- Are there any soldiers of the legion?
- Oh, yes. Lots of father's comrades.
You're a soldier's son.
You don't have to be babied
and lied to.
Your father has gone
to join those comrades.
Across the river?
And he went bravely.
I'm sorry.
You're afraid I'm going to cry,
aren't you?
I don't cry.
He said he'd win this fight...
...and I could unbuckle
the winner's sword.
Do you want to unbuckle mine?
How would you like to be my son?
Haven't you got one?
Not anymore.
I'll make what's happened here today
turn into good for you.
Oh, my friends.
Never before in Pompeii
such merchandise.
Look at her. Sweet as a child.
An accomplished hairdresser.
Plays the harp. She's a real bargain.
- Can she scrub floors?
- Greetings, lady.
She's as good as the one
I sold you three months ago.
She'd better be stronger.
It's disgusting the way they die off.
- Lady, this one has a tough hide.
- That's what you said about the last.
- But, lady-
-it's Marcus.
- Hail, champion.
- Greetings, Marcus.
I'm betting on you tomorrow.
I see you're no gambler.
What can I do for you? A nice girl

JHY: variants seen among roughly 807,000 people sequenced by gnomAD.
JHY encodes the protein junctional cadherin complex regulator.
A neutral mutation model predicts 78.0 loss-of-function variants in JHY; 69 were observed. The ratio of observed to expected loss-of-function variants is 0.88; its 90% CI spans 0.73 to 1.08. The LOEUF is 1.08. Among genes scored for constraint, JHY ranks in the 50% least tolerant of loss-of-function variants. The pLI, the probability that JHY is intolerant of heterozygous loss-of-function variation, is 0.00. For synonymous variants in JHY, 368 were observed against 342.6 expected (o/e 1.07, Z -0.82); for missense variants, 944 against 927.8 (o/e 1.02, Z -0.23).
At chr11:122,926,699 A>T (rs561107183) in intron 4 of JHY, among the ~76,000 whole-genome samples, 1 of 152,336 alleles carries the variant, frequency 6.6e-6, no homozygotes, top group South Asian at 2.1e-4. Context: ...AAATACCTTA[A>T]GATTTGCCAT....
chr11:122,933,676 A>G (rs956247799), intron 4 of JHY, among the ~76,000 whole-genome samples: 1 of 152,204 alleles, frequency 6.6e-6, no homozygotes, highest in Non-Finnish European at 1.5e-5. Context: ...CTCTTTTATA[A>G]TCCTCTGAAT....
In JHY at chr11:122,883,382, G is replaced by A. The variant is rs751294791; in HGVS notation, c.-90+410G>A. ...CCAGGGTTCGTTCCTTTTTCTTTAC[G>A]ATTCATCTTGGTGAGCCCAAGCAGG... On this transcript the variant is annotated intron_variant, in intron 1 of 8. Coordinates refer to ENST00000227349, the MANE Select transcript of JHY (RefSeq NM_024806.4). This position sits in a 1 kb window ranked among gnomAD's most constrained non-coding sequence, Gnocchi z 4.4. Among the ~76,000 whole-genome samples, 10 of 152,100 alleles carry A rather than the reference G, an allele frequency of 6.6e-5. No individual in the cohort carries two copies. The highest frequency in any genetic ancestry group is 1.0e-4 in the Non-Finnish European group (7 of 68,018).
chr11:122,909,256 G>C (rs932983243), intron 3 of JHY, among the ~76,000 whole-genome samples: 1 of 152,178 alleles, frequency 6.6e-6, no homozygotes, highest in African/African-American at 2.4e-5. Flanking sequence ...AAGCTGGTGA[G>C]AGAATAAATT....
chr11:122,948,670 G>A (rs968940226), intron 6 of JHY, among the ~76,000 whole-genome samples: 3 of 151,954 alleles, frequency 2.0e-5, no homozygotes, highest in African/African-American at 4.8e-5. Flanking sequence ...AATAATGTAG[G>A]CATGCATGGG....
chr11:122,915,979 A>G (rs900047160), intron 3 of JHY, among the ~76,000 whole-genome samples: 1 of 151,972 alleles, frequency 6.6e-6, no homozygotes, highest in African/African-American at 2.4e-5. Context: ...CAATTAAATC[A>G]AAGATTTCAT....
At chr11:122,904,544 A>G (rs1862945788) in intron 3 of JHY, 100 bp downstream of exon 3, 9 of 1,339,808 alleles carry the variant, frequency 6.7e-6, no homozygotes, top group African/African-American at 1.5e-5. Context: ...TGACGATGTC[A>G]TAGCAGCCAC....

to delight the heart of a fighter?
Nothing for me. I've come
to buy a tutor for my son.
By Mercury,
I have the very thing for you.
A Greek, speaks four languages.
A scholar, kind and steady.
Been in the same family
for 20 years.
- Let's have a look at him. Where is he?
- There, in the fourth pen.
You go first and talk to him.
See if you like him.
Maybe he won't like me.
That's a good one.
Hail, Greek.
Hail, Roman.
My father sent me
to see if I like you.
- Why?
- If I do, he'll buy you for me.
- Can you speak four languages?
- Yes.
- You know a lot of stories?
- Thousands.
- About soldiers and wars and fighting?
- Yes, but there are better stories.
Well... can tell me the ones you like.
I don't mind.
I like him, Father.
I remember you. You're the slave
who said money doesn't matter.
Buy me for your son.
You served one family 20 years.
Why are you here?
I dropped my young master's
cloak in the mud.
- I see.
- May I have him, Father?
- How much?
- Three hundred.
- What?
- Well, he's a scholar.
Well, I didn't know they cost that much.
It's beyond my reach.
But, Father, you said if I liked him--
But we don't have
that much money, Flavius.
He says he knows lots of stories.